DefinitionThis section has been translated automatically.
In an induced mutation, factors outside the cell - so-called mutagens - cause the mutations.
For example, chemical mutagens, such as so-called base analogues, can be incorrectly incorporated into the base sequence of the DNA, leading to point mutations. Certain chemical substances cause biochemical changes in the bases; if this creates a "gap" in the DNA strand, it can then be filled by an incorrect base.
Physical mutagens are, for example, UV light or X-rays. Here, bases can fuse with each other and be damaged, so that the structure and sequence of the DNA are changed. Special viruses can also induce gene mutations.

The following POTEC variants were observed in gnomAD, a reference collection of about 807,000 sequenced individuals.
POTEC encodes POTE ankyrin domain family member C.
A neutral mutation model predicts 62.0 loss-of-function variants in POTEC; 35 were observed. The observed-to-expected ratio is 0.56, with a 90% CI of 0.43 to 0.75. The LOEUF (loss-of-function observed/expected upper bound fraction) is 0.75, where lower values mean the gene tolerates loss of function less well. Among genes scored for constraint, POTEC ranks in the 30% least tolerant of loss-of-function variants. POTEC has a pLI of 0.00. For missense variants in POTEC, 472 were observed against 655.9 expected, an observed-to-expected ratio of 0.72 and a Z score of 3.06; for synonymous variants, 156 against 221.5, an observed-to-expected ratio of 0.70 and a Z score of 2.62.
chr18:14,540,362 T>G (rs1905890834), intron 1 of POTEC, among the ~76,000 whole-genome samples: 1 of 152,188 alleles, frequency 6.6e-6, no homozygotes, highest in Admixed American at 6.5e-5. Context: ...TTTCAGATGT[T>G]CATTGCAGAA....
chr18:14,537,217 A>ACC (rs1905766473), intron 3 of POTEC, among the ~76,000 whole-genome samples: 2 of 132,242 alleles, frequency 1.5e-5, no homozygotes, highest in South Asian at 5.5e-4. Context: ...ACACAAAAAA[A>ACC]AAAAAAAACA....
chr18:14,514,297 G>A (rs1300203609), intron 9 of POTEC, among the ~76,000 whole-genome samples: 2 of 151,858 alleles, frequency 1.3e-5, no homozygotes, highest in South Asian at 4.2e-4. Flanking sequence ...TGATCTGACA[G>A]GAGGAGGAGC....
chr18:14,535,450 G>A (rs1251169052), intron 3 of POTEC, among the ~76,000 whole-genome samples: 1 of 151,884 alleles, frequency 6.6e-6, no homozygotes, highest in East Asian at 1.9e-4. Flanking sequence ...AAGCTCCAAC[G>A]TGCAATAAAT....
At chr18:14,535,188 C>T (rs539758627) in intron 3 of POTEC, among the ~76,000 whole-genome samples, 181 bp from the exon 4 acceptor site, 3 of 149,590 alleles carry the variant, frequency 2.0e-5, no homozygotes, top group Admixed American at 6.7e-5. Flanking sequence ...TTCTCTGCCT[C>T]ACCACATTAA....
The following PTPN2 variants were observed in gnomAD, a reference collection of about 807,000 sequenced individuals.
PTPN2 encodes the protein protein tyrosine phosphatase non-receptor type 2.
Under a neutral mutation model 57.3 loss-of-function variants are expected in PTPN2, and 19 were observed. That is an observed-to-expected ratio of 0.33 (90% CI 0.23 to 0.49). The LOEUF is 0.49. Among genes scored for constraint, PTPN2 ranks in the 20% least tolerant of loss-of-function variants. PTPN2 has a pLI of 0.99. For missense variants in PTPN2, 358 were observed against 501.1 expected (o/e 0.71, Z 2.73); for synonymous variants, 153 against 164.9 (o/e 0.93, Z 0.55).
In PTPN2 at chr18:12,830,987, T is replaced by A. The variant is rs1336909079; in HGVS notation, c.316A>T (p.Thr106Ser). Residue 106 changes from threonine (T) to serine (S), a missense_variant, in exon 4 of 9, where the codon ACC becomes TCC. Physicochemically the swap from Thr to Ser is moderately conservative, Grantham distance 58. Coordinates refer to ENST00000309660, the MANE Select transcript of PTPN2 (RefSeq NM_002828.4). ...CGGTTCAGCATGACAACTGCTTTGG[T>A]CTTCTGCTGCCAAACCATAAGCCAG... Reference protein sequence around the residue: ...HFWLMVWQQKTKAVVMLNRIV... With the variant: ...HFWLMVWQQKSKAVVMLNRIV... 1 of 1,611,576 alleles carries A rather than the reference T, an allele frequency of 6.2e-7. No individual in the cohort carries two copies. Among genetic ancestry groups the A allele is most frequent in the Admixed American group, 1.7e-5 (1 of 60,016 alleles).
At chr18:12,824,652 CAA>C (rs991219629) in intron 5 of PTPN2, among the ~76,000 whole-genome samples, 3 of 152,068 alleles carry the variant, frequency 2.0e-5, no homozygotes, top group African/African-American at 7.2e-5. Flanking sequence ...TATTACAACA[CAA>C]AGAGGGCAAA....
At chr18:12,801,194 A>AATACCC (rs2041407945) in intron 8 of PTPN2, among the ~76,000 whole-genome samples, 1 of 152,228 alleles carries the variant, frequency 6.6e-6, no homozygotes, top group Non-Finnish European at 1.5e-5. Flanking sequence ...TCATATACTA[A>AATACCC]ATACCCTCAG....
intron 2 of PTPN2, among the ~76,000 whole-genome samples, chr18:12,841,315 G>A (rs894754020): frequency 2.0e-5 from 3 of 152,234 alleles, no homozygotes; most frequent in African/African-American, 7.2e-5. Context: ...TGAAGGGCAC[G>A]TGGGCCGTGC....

General informationThis section has been translated automatically.
A mutation is a permanent change in the genetic material .
The following types of mutations are distinguished: gene mutation , chromosome mutation , genome mutation . Mutations can occur spontaneously, e.g. during DNA replication or meiosis.
The following inheritance patterns are known:
- Somatic mutation (confined to somatic cells only).
- Germline mutations (the mutation is passed on to offspring).
Mutations are divided into the following forms:
- silent mutation
- neutral mutation
- loss-of-function mutation
- gain-of-function mutation
- conditional mutation
- lethal mutation